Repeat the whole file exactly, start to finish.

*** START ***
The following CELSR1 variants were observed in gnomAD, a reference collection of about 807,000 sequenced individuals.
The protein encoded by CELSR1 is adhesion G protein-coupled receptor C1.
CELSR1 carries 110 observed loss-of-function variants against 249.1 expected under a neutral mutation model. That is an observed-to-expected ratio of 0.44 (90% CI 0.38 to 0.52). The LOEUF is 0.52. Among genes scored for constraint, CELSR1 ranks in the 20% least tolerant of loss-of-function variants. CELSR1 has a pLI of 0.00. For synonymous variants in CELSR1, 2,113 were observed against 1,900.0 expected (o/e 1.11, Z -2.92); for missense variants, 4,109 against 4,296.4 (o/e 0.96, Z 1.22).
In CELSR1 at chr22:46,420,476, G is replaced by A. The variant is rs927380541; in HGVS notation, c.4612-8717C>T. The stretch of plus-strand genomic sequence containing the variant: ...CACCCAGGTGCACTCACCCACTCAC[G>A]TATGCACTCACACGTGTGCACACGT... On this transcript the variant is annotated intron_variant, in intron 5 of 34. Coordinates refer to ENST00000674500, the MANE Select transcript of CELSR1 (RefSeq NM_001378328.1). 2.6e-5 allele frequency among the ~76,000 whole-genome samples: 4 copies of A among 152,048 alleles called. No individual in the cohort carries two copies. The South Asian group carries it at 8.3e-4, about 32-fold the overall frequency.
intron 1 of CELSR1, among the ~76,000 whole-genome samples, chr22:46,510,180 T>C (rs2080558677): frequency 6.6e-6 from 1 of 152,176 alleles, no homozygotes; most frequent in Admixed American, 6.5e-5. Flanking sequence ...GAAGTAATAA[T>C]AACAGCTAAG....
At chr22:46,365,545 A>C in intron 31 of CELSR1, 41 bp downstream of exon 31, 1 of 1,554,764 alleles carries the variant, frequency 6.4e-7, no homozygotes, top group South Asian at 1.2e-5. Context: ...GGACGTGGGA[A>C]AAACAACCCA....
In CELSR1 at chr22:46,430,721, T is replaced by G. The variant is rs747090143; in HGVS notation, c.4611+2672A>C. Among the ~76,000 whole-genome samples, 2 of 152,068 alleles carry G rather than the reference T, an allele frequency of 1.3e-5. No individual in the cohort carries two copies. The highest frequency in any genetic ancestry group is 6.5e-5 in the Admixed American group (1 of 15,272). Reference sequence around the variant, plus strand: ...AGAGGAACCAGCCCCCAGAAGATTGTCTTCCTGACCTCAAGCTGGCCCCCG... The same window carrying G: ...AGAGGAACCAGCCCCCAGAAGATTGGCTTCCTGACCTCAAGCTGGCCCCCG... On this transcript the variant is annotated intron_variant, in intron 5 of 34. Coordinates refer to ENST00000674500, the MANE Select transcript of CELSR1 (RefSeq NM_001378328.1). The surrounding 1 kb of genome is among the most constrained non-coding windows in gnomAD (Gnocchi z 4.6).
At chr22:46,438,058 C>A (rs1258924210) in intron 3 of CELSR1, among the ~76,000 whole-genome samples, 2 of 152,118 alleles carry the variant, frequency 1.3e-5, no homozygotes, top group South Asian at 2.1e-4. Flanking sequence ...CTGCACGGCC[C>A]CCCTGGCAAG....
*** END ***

The following CELSR1 variants were observed in gnomAD, a reference collection of about 807,000 sequenced individuals.
The protein encoded by CELSR1 is adhesion G protein-coupled receptor C1.
CELSR1 carries 110 observed loss-of-function variants against 249.1 expected under a neutral mutation model. That is an observed-to-expected ratio of 0.44 (90% CI 0.38 to 0.52). The LOEUF is 0.52. Among genes scored for constraint, CELSR1 ranks in the 20% least tolerant of loss-of-function variants. CELSR1 has a pLI of 0.00. For synonymous variants in CELSR1, 2,113 were observed against 1,900.0 expected (o/e 1.11, Z -2.92); for missense variants, 4,109 against 4,296.4 (o/e 0.96, Z 1.22).
In CELSR1 at chr22:46,420,476, G is replaced by A. The variant is rs927380541; in HGVS notation, c.4612-8717C>T. The stretch of plus-strand genomic sequence containing the variant: ...CACCCAGGTGCACTCACCCACTCAC[G>A]TATGCACTCACACGTGTGCACACGT... On this transcript the variant is annotated intron_variant, in intron 5 of 34. Coordinates refer to ENST00000674500, the MANE Select transcript of CELSR1 (RefSeq NM_001378328.1). 2.6e-5 allele frequency among the ~76,000 whole-genome samples: 4 copies of A among 152,048 alleles called. No individual in the cohort carries two copies. The South Asian group carries it at 8.3e-4, about 32-fold the overall frequency.
intron 1 of CELSR1, among the ~76,000 whole-genome samples, chr22:46,510,180 T>C (rs2080558677): frequency 6.6e-6 from 1 of 152,176 alleles, no homozygotes; most frequent in Admixed American, 6.5e-5. Flanking sequence ...GAAGTAATAA[T>C]AACAGCTAAG....
At chr22:46,365,545 A>C in intron 31 of CELSR1, 41 bp downstream of exon 31, 1 of 1,554,764 alleles carries the variant, frequency 6.4e-7, no homozygotes, top group South Asian at 1.2e-5. Context: ...GGACGTGGGA[A>C]AAACAACCCA....
In CELSR1 at chr22:46,430,721, T is replaced by G. The variant is rs747090143; in HGVS notation, c.4611+2672A>C. Among the ~76,000 whole-genome samples, 2 of 152,068 alleles carry G rather than the reference T, an allele frequency of 1.3e-5. No individual in the cohort carries two copies. The highest frequency in any genetic ancestry group is 6.5e-5 in the Admixed American group (1 of 15,272). Reference sequence around the variant, plus strand: ...AGAGGAACCAGCCCCCAGAAGATTGTCTTCCTGACCTCAAGCTGGCCCCCG... The same window carrying G: ...AGAGGAACCAGCCCCCAGAAGATTGGCTTCCTGACCTCAAGCTGGCCCCCG... On this transcript the variant is annotated intron_variant, in intron 5 of 34. Coordinates refer to ENST00000674500, the MANE Select transcript of CELSR1 (RefSeq NM_001378328.1). The surrounding 1 kb of genome is among the most constrained non-coding windows in gnomAD (Gnocchi z 4.6).
At chr22:46,438,058 C>A (rs1258924210) in intron 3 of CELSR1, among the ~76,000 whole-genome samples, 2 of 152,118 alleles carry the variant, frequency 1.3e-5, no homozygotes, top group South Asian at 2.1e-4. Flanking sequence ...CTGCACGGCC[C>A]CCCTGGCAAG....